Behavioral Insights Help Make Labor Programs More Effective

Jun 02, 2017

To get better results from some of its programs, the U.S. Department of Labor (DOL) assembled an expert study team to design and rigorously test the impacts of behavioral science interventions on three DOL programs. The team’s findings reveal strong positive impacts on all three programs.  


1. Behavioral insights increased retirement savings by DOL employees.

graphic for short emails resulted in big changesRoughly one in four DOL employees contributed less than 5 percent of their salary to the agency’s retirement savings program in 2015. Hoping to increase their savings, DOL commissioned a study to determine whether inexpensive behavioral interventions that were easy to implement could increase employees’ contributions to their retirement savings. The study team, which included experts from Mathematica and ideas42, tested the effectiveness of a pair of simple emails designed to overcome behavioral barriers to saving. The emails featured graphics to help people visualize their future selves, and prompted employees to “act now” by taking five simple steps. The study results revealed that this email led to a 7.5 percentage point increase in the share of employees who save at least 5 percent of their salary. 

We summarize the full experiment and its impacts in a suite of briefs and multimedia products:

2. Incorporating behavioral insights helped more employers resolve Occupational Safety and Health Administration (OSHA) citations.

OSHA was concerned because not many employers were successfully resolving their safety citations by removing workplace hazards and paying the necessary penalties. The study team tested whether a modified citation process based on behavioral science could lead to more resolutions. This process included a revised cover letter strategically designed to address behavioral roadblocks such as procrastination and information overload. The revised citation process led to a 4.4 percentage point reduction in the number of employers referred to debt collection for failing to resolve their case.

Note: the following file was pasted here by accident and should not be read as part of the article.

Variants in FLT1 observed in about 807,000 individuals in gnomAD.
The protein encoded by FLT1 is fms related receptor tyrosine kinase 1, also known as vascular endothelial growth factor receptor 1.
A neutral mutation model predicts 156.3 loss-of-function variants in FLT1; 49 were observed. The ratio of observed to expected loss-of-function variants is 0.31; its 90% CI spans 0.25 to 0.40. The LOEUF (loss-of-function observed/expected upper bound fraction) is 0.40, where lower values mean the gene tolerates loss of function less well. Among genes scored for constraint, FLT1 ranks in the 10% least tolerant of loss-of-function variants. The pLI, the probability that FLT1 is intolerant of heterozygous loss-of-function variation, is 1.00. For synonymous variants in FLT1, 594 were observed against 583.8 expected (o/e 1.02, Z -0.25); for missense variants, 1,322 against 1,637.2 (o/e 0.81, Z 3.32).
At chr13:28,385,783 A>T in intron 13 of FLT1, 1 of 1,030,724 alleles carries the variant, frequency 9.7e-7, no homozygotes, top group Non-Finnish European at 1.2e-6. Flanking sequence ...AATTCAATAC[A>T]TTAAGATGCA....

We summarize the full experiment and its impacts in a suite of briefs and multimedia products:

3. Behavioral insights increased take-up of Michigan reemployment programs.

When fewer than half of those eligible to participate in the MichiganWorks! Reemployment and Eligibility Assessment (REA) program actually scheduled their first REA session, the study team developed simple, inexpensive emails informed by behavioral science to raise the rate of participation in the program. These encouraging emails resulted in a 15 percentage point increase in the proportion of UI claimants who scheduled their first REA session. There was also a 14 percentage point increase in the proportion of UI claimants who completed the REA program.

We summarize the full experiment and its impacts in a suite of briefs and multimedia products:

This work was conducted for DOL’s Chief Evaluation Office as part of the project, Behavioral Interventions for Labor-Related Programs, which was designed to explore the potential of using insights from behavioral economics, psychology, and related fields to improve the performance and outcomes of DOL programs. To build practitioners’ and policymakers’ capacity to apply behavioral insights, the project team drew on lessons learned from this project, as well as from other behavioral experiments, to develop these helpful resources:

 

Learn more about behavioral insights and Mathematica’s work with DOL by visiting our project webpage.

 


Related Projects
  • image of brain
    Behavioral Interventions for Labor-Related Programs

    The U.S. Department of Labor is collaborating with Mathematica and ideas42 to apply behavioral science principles to selected programs. Studies suggest that relatively modest changes to program materials, forms, or procedures can generate substantial improvements in program outcomes and performance.

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